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Executive Presence: Is It Too Late To Be A Born Leader?


Leslie Dickson

 Posted by Leslie Dickson


Executive Communication SkillsI read an interesting article yesterday by a fellow author, Sally Williamson in Training Magazine.  In researching her book The Hidden Factor: Executive Presence, she surveyed some 400 C-level executives.  Her findings will ring true to you, I’m sure.  89% said executive presence is a factor in career success, and 78% said the lack of it can slow your progress.  And what about leadership?  A full 85% of the executives she interviewed stated they believe executive presence is a crucial trait. 

Here’s something that may surprise you – and it’s good news.

98% of the executives confessed they weren’t born with presence.  They had to learn it, practice it and build that skill.  Moreover, 65% say executive coaching can help a leader develop presence and 55% believe leadership programs help.

Ok.  We know we need it...

And we want it and we can learn it.  But let’s take a minute to be sure we understand what “it” is.  Executive presence isn’t an act you put on like a costume.  It’s understanding and harnessing your own qualities, behaviors and communication style to authentically engage others while conveying confidence, power and credibility.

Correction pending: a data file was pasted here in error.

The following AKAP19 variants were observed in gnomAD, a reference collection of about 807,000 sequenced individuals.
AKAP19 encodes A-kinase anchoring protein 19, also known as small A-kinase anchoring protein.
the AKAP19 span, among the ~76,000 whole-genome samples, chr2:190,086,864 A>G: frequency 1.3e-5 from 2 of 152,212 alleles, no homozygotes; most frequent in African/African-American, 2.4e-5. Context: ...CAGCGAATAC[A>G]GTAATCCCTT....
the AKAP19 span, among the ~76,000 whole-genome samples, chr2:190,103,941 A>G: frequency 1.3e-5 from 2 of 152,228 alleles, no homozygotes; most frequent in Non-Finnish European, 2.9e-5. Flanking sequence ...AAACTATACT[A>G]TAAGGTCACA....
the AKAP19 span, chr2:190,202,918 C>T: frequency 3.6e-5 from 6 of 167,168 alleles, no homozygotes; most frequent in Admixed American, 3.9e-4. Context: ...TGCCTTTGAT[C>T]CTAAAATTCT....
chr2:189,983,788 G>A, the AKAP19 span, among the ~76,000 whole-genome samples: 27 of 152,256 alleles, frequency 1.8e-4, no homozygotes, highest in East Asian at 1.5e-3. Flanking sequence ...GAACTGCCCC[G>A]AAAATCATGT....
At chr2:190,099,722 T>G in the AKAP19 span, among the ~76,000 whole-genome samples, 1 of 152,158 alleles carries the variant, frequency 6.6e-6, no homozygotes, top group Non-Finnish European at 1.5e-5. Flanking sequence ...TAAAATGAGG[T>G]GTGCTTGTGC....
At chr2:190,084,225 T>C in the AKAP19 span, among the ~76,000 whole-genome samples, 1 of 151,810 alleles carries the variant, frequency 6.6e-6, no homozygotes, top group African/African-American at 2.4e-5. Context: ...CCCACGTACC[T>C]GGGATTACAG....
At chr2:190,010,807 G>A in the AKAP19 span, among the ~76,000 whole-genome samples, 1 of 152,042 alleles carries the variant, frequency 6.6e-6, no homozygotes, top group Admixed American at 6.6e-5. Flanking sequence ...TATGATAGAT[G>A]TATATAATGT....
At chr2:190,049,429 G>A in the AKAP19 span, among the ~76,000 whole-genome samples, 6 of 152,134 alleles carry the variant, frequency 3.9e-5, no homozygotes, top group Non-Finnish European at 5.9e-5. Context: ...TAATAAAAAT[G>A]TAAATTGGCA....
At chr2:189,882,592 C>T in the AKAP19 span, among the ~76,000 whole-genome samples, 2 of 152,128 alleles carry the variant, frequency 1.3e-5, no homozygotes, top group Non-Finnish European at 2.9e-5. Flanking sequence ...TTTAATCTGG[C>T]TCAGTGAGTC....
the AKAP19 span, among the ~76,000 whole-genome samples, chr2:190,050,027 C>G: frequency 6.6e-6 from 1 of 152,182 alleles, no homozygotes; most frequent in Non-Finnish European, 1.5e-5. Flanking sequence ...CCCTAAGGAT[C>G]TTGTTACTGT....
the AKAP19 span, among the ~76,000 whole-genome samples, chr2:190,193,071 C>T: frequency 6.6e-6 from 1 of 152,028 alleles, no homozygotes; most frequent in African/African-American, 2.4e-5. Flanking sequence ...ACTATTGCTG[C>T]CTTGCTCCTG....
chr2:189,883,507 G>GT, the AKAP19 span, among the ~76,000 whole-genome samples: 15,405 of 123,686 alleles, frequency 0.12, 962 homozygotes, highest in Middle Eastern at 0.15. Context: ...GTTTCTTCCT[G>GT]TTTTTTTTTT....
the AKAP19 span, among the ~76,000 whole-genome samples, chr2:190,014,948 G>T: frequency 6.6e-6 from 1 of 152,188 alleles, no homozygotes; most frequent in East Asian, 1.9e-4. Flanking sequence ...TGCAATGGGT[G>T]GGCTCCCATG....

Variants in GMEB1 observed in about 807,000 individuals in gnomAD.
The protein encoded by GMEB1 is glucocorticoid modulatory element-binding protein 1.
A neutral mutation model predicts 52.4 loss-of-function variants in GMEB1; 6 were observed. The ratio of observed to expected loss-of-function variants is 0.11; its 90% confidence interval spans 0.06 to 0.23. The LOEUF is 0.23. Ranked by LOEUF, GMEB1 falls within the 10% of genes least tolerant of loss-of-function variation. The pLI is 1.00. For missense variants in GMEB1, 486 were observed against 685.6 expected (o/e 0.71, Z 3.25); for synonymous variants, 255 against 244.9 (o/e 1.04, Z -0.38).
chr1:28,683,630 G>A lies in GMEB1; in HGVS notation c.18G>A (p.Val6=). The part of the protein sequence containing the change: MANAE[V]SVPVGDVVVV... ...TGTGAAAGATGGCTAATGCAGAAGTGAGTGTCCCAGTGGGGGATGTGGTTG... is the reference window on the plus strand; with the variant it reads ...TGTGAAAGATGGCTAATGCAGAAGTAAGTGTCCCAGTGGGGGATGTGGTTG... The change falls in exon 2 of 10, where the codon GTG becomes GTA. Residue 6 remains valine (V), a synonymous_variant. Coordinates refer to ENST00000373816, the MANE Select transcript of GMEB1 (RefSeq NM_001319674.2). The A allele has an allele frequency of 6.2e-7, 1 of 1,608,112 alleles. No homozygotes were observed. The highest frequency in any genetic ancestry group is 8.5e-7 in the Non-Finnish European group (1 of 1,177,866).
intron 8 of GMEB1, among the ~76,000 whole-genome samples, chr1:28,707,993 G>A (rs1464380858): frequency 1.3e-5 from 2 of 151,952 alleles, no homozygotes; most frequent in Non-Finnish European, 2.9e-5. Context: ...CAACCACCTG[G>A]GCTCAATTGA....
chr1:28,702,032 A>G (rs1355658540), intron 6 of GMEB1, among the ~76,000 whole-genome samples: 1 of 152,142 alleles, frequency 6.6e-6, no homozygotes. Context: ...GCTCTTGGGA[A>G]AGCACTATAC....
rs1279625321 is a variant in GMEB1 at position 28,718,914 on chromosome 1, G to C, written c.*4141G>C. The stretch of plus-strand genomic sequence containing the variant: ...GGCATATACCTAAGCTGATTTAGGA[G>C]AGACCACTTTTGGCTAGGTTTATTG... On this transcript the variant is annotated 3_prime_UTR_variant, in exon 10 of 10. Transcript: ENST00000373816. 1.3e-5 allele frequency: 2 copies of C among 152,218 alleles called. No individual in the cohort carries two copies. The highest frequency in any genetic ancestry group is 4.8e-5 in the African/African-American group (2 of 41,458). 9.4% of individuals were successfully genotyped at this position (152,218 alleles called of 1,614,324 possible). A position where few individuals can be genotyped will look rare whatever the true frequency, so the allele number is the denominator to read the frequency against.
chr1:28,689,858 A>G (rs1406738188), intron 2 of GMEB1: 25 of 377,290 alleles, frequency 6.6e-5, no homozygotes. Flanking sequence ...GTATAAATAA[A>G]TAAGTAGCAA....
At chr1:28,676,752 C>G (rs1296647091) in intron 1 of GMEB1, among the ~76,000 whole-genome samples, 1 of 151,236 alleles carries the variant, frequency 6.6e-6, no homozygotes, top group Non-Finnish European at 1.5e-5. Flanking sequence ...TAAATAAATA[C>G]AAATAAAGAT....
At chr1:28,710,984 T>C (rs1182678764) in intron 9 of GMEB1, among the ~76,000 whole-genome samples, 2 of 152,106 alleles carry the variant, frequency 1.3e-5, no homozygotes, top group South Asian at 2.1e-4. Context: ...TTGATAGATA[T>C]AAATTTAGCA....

Wow. That sounds complex and intertwined and deep.   Feel overwhelmed? Stay with me and you won’t.

There are physical attributes to executive presence

We all recognize them the moment a leader enters a room.  Body language says a great deal -- taking a strong, balanced stance conveys competence.  A clear, dynamic voice is persuasive.  Deep measured breathing aids both and keeps the speaker centered.  That’s a powerful feedback loop – when you stand strong and speak clearly, an audience is predisposed to persuasion.  That, in turn, helps you feel calm, focused and more able to listen, think and respond powerfully.

If you stop with the physical appearance...

You’re not going to have the success you want.  Executive presence is more than an “act” you put on to impress people.  A colleague of mine puts it this way:  “You don’t want to be the person who comes into a room and says, ‘I’m here.’  You want to be the kind of person who walks into a room and others say, ‘He’s here.’”

This kind of impact doesn’t come from a quick fix.

At its core, true executive presence is a more powerful way of seeing yourself and the world, which enables a more effective approach to engaging it.   The process of building that more meaningful level of executive presence requires an “inside-out” model, as we say at VoicePro.